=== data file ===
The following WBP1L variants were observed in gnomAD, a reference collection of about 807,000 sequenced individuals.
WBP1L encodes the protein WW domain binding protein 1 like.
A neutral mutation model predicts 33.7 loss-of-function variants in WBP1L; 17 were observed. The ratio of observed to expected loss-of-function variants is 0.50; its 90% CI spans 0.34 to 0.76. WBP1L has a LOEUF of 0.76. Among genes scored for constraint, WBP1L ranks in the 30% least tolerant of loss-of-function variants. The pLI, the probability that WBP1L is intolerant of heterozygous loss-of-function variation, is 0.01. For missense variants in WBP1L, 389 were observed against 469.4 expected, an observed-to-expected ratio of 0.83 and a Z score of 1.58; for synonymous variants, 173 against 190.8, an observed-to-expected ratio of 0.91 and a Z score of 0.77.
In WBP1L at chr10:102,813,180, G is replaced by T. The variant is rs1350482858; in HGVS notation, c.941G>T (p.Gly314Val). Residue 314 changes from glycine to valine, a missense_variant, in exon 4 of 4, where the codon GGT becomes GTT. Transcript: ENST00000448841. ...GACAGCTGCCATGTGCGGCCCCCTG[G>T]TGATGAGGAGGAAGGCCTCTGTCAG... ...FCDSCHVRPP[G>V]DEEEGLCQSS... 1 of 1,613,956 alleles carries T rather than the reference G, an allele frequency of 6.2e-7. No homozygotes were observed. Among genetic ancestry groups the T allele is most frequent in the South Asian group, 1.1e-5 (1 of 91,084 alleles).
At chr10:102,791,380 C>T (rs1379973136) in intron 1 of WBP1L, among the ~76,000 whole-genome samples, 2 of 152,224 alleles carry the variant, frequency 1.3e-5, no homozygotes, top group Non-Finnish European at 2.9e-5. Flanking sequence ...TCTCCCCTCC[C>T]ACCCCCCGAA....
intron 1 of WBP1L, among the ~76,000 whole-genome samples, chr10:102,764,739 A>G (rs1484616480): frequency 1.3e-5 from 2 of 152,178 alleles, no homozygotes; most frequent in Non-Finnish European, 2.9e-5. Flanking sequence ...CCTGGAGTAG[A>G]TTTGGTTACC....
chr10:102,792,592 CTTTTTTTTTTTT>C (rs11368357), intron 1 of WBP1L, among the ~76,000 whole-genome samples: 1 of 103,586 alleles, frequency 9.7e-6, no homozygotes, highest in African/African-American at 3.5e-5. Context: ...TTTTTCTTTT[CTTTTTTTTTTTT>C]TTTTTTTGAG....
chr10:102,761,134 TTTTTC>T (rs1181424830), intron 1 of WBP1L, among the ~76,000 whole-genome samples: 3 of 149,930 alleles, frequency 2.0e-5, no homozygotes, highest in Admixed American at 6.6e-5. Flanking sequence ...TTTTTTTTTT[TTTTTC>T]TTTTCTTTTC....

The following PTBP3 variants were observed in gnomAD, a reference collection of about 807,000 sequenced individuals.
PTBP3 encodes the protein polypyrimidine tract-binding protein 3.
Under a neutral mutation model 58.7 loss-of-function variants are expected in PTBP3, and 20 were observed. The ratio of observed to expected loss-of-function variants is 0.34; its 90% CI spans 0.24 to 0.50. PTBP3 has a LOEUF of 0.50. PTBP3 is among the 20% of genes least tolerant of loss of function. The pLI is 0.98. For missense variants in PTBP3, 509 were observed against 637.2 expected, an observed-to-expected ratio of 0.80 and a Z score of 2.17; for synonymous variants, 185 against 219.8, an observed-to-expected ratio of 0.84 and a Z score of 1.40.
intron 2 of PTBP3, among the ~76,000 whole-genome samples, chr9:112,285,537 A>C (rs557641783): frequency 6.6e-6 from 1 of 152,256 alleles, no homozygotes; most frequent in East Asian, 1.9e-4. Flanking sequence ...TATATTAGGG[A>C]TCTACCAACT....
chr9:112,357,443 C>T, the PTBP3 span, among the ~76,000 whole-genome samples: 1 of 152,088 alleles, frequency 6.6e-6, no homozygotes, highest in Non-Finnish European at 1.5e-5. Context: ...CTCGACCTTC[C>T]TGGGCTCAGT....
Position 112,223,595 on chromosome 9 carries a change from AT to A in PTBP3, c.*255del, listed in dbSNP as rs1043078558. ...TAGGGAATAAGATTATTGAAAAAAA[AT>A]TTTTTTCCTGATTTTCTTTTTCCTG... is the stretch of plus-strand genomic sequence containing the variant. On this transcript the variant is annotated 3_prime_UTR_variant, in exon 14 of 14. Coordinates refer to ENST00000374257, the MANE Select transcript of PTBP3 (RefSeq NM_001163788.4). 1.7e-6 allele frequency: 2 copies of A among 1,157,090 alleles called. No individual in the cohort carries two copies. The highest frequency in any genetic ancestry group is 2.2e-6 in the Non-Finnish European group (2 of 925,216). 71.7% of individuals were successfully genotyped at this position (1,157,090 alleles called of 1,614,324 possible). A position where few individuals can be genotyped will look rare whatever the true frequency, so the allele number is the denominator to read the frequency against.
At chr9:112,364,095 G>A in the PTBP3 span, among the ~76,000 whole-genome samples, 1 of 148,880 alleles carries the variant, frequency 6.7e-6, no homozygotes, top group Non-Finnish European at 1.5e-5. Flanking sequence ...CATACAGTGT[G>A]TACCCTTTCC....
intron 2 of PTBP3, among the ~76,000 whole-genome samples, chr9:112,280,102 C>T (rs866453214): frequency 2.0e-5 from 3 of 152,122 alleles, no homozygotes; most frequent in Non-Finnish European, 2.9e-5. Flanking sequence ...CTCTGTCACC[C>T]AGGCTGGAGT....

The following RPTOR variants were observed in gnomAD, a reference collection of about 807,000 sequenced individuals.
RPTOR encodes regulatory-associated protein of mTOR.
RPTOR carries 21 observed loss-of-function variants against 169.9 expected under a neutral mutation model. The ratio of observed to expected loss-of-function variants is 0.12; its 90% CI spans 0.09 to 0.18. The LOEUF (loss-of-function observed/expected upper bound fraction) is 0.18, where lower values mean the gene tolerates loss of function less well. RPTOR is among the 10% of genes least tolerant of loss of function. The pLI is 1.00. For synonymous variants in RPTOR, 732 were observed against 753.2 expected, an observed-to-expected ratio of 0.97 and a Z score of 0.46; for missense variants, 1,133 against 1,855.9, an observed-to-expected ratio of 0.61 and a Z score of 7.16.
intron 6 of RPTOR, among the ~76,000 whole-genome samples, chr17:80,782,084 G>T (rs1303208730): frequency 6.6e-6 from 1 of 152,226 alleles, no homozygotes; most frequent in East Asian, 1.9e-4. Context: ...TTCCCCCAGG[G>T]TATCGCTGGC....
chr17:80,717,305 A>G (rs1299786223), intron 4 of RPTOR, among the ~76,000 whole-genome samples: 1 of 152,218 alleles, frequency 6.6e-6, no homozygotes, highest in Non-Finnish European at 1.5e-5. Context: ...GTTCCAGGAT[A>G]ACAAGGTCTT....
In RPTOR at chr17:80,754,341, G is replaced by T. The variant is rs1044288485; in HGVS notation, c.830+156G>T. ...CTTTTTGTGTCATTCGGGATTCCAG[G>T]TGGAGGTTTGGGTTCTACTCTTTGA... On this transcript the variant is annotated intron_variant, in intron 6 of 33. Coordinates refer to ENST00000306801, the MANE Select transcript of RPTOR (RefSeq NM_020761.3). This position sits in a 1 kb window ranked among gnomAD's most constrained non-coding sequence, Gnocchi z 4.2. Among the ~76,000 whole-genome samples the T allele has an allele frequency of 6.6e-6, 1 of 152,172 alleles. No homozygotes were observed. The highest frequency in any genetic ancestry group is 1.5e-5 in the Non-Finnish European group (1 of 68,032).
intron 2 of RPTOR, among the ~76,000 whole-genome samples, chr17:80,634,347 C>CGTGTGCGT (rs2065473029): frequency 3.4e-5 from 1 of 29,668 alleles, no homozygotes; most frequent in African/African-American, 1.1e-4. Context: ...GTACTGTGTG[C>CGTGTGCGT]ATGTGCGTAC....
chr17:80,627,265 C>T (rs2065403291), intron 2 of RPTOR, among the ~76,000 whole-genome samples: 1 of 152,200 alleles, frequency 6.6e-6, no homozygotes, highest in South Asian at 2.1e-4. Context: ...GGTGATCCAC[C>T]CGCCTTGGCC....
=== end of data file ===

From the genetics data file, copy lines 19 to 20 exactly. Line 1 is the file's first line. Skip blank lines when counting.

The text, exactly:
RPTOR carries 21 observed loss-of-function variants against 169.9 expected under a neutral mutation model. The ratio of observed to expected loss-of-function variants is 0.12; its 90% CI spans 0.09 to 0.18. The LOEUF (loss-of-function observed/expected upper bound fraction) is 0.18, where lower values mean the gene tolerates loss of function less well. RPTOR is among the 10% of genes least tolerant of loss of function. The pLI is 1.00. For synonymous variants in RPTOR, 732 were observed against 753.2 expected, an observed-to-expected ratio of 0.97 and a Z score of 0.46; for missense variants, 1,133 against 1,855.9, an observed-to-expected ratio of 0.61 and a Z score of 7.16.
intron 6 of RPTOR, among the ~76,000 whole-genome samples, chr17:80,782,084 G>T (rs1303208730): frequency 6.6e-6 from 1 of 152,226 alleles, no homozygotes; most frequent in East Asian, 1.9e-4. Context: ...TTCCCCCAGG[G>T]TATCGCTGGC....